El Nino, ‘The Blob’ prime Alaska for another warm winter

Sea surface temperature anomalies (standard deviations from the mean) in NE Pacific Ocean for February 2014 based on the record from 1981–2010. (Graphic courtesy of American Geophysical Union)
“The Blob” is a mass of unusually warm seawater off the Pacific coast. (Graphic courtesy of American Geophysical Union)

Alaskans can expect warmer, drier days this coming winter. That, according to the National Weather Service, is drawing on new tools and techniques to peer into the future.

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Rick Thoman is the Alaska region’s Climate Science and Services Manager at the National Weather Service. He says over the last three years advances in modeling are giving meteorologists more confidence to say what the future looks like. Based on those techniques, he says Alaska will see a significantly warmer winter this year.

“We’ve got a very strong El Nino in progress. We also have very warm sea surface temperatures continuing in the Gulf of Alaska. We’ve got less sea ice than the long-term normal. All of those things really add up to give us a leg up on warmer than average temperatures.”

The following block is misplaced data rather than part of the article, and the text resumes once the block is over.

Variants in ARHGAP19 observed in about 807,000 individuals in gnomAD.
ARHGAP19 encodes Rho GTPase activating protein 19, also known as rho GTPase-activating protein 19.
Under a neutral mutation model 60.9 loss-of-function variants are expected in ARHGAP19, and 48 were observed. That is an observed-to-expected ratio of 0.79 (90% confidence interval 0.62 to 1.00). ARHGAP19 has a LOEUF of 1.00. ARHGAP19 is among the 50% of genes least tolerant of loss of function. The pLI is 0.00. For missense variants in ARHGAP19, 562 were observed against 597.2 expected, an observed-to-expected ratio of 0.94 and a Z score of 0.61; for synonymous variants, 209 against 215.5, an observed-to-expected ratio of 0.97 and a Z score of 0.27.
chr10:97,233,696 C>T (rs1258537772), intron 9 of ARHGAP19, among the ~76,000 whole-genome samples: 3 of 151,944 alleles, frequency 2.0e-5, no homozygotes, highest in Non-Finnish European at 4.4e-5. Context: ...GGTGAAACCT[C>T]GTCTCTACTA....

And what may be good news for those who shovel their own driveways, Thoman does not see much snow in the late winter, after New Year.

“There is a tilt toward drier than average winters during these moderate and strong El Nino events.”

Thoman adds it only takes one or two significant weather events to dump enough snow for mushers and skiers.

With the warmer temperatures expect more days of freezing rain. Thoman says the conditions that turns roads into ice-rinks have been increasing over the last five year. But he says that increase seems to be part of a cycle. In the 1920s and 1960s there were also significant periods of freezing rain.

With increasingly robust tools and techniques, Thoman predicts within a few years, forecasters should be able to say how stormy a season is likely to be.